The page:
Concerned that some owners of S corporations aren't paying their fair share of business taxes, the IRS has kicked off an aggressive campaign to identify potential abuses among S corps.
The IRS has recently started to examine 5,000 randomly selected S corp returns from the 2003 and 2004 tax years. A chief concern: whether some S corp owners are skimping on their salaries--or skipping them altogether--in favor of a larger dividend distribution, which isn't subject to self-employment taxes. "Historically, that's what people have tried to do, and that's one of the reasons the IRS is conducting these audits," says Deborah Schenk, Grossman Professor of Taxation at the New York University School of Law.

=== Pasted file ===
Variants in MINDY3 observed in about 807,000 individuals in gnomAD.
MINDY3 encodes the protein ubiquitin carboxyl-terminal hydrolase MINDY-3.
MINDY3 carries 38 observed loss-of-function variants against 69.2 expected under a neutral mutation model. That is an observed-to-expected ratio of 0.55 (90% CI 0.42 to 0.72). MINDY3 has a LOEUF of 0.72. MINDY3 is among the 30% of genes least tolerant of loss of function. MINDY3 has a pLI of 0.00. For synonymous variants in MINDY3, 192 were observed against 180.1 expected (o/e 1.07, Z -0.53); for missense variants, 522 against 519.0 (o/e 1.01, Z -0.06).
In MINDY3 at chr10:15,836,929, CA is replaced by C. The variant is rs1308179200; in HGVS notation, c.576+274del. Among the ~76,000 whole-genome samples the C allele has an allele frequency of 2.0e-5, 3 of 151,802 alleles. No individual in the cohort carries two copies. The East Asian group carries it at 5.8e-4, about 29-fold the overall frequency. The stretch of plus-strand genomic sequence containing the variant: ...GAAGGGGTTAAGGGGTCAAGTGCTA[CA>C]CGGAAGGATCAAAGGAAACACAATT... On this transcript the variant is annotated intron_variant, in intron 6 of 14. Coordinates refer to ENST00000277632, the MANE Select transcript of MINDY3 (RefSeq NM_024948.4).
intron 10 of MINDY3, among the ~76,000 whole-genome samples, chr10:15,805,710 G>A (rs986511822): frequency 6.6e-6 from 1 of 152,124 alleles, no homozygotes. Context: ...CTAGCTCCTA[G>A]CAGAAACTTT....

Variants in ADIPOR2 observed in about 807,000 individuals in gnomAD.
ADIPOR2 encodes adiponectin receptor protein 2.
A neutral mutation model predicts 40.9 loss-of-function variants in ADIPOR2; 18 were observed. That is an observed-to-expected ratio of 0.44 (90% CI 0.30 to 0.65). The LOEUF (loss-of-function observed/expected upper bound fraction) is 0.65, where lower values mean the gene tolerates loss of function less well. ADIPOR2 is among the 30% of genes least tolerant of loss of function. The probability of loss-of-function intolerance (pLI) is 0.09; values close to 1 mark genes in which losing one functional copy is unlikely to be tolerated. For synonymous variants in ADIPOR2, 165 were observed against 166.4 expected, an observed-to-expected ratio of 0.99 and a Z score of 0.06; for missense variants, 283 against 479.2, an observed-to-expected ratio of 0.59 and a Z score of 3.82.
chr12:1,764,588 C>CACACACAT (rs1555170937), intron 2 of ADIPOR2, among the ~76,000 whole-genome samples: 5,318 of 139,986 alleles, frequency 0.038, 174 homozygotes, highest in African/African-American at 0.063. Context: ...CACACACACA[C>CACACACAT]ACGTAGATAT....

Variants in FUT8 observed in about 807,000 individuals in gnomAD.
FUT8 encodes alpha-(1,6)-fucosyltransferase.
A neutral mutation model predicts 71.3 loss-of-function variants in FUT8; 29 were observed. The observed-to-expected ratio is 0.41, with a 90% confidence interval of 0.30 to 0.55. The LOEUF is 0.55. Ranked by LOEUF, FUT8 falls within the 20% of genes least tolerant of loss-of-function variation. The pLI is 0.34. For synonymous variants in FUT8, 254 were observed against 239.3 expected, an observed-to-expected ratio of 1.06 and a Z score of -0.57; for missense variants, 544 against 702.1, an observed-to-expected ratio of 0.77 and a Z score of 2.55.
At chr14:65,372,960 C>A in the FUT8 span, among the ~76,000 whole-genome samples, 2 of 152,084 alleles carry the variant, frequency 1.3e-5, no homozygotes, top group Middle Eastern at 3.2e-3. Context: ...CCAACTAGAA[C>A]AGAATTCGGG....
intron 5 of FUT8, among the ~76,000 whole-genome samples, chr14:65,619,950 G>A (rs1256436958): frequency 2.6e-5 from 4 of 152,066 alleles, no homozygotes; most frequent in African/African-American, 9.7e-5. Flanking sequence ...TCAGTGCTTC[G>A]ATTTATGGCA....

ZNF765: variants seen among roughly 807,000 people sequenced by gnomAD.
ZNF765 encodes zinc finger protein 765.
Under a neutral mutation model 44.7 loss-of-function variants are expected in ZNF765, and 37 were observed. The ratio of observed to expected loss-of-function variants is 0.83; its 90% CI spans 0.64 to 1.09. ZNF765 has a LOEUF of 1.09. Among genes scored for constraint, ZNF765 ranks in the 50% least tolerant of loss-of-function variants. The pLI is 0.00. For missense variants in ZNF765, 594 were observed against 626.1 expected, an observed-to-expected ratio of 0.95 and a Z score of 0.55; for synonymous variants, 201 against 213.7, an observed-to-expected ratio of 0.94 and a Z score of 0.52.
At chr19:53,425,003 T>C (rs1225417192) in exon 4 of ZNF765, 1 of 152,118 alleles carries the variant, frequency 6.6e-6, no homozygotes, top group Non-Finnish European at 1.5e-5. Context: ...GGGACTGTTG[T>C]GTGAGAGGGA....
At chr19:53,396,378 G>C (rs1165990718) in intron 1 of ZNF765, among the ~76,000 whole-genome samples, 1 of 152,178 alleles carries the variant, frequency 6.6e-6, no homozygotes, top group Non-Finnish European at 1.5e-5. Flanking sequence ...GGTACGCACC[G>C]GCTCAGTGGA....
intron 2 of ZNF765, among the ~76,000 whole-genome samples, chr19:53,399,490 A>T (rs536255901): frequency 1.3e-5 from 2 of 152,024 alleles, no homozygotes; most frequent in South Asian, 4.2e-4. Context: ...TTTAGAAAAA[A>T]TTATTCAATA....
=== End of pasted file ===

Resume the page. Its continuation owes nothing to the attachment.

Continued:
"Because in the past there were very low audit rates of S corporations, people were aggressive about taking low salaries and pulling them out as dividends," she says. "My guess is they'll be somewhat less aggressive as the IRS audits [them] and successfully argues that some of [the earnings] is really salary, but it's been labeled as dividends."
For its part, the IRS will have to consider a multitude of issues when building a case against a suspected offender. "It obviously is dependent on the industry, the skills and the education [of the owner], and the profitability [of the S corp]," according to Schenk. "There are lots of cases where the company is trying to take a deduction for too much salary. This is the reverse, where the company is trying to pay out too little salary, and there's been virtually no case law or guidance. It will be a case-by-case determination."